Nonportable code in C++ support

Esben Mose Hansen kde at
Sat Feb 16 00:01:36 UTC 2008

On Friday 15 February 2008 20:14:15 Matthew Woehlke wrote:
> Esben Mose Hansen wrote:
> > It wouldn't break. It's a hash function, it's going to get moduloed with
> > some smallish number anyway. The hash function just need a reasonable
> > chance to get different results for different pointers, fast. The latter
> > is the reason why I wouldn't bitshift it with size_t, even though those
> > bits would likely nearly always be zero.
> Isn't this a *really* good reason to strip the last couple bits? I.e.
> because otherwise with a small table you will *always* get collisions
> due to the last 2-4 bits always being 0?

Most hashtable implementations uses a modulo by some number of the form 2^N-1 
or similar, you would not get increased collisions. This why e.g. the 
upcoming implementation of the hash table in the C++ std library just uses a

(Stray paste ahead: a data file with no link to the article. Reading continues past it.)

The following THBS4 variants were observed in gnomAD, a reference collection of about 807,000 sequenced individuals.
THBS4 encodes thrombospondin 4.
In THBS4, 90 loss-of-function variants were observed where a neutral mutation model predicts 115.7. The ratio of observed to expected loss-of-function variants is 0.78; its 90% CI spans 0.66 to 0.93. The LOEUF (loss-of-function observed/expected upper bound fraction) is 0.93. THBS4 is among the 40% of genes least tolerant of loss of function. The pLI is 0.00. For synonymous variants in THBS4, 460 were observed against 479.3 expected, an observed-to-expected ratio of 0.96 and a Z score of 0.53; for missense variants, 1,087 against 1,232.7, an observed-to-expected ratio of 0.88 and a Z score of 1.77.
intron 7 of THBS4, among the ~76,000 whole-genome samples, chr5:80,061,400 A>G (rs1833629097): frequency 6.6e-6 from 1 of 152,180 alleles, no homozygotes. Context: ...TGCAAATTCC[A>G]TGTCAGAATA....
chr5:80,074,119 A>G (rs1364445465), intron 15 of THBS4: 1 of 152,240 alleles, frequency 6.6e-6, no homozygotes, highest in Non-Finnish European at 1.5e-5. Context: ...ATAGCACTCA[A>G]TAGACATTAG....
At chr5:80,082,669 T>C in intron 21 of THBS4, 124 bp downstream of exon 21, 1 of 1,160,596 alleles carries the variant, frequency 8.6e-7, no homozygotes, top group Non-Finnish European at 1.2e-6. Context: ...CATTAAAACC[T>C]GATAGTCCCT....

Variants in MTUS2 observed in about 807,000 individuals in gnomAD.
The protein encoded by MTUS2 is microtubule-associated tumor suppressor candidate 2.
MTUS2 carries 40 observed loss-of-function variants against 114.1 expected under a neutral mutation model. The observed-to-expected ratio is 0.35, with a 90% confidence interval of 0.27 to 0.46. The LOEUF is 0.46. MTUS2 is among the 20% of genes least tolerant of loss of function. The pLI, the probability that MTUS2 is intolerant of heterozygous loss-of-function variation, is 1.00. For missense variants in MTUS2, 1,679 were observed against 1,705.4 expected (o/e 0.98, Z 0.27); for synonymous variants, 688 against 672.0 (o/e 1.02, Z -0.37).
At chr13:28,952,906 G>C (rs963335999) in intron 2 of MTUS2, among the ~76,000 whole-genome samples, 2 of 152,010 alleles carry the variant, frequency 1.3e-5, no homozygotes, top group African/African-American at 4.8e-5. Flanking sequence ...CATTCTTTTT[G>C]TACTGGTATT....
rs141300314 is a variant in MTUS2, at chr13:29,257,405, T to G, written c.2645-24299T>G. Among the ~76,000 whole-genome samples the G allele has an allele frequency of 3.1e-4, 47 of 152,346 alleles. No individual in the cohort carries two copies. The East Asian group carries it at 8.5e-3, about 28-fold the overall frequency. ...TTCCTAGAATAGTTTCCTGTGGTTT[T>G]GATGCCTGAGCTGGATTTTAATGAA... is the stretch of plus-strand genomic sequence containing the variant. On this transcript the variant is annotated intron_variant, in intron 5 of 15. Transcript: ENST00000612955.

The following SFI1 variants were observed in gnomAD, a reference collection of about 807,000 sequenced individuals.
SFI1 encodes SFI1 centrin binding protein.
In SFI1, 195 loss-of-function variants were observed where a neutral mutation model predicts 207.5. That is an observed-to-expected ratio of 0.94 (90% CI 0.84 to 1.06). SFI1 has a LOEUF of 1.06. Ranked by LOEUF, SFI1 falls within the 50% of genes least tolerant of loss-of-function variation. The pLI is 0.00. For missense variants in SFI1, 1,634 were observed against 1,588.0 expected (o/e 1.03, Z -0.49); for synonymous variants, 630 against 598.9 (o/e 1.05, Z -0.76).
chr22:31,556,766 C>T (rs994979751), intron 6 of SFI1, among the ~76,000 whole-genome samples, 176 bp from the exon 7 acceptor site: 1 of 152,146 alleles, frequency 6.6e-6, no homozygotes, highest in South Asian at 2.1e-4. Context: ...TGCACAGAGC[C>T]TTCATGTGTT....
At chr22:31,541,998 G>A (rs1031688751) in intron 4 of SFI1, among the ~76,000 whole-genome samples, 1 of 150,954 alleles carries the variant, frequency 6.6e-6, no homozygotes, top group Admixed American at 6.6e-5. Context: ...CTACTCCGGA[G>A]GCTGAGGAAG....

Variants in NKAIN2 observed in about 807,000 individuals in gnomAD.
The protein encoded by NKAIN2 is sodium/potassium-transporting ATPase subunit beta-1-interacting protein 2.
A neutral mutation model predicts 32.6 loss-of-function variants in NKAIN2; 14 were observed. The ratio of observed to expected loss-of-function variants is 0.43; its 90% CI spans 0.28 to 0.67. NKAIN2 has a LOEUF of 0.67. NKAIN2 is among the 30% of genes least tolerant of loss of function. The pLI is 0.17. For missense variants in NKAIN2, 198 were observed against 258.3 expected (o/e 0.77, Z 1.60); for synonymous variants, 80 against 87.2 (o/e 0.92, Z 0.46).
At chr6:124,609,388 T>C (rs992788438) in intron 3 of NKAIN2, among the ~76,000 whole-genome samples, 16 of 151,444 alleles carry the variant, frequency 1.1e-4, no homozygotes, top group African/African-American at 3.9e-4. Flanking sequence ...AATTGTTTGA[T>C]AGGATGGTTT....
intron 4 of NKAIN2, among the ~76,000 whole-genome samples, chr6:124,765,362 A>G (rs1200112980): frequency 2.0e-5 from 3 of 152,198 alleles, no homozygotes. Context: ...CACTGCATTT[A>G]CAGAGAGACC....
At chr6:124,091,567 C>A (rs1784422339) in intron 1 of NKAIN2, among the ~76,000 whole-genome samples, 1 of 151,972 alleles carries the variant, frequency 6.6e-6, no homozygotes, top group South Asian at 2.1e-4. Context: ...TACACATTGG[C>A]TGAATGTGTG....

straight reinterpret_cast.

> Seriously, how long does a bit-shift operation take? It's measured in
> single-digit /cycles/ after all... It's measurable compared to the cost
> of calling the hash function, but not compared to much else.

A hash function can be called very often. Just the other day, a 70s 
optimisation program managed to call hash<T*> 250 million times. If the 
result is improved, it might be worth it using the 250 million cycles (I 
mean, what is that these days?), but in this case it is not. It just means 
more complicated code with worse performance for no real gain.

regards, Esben

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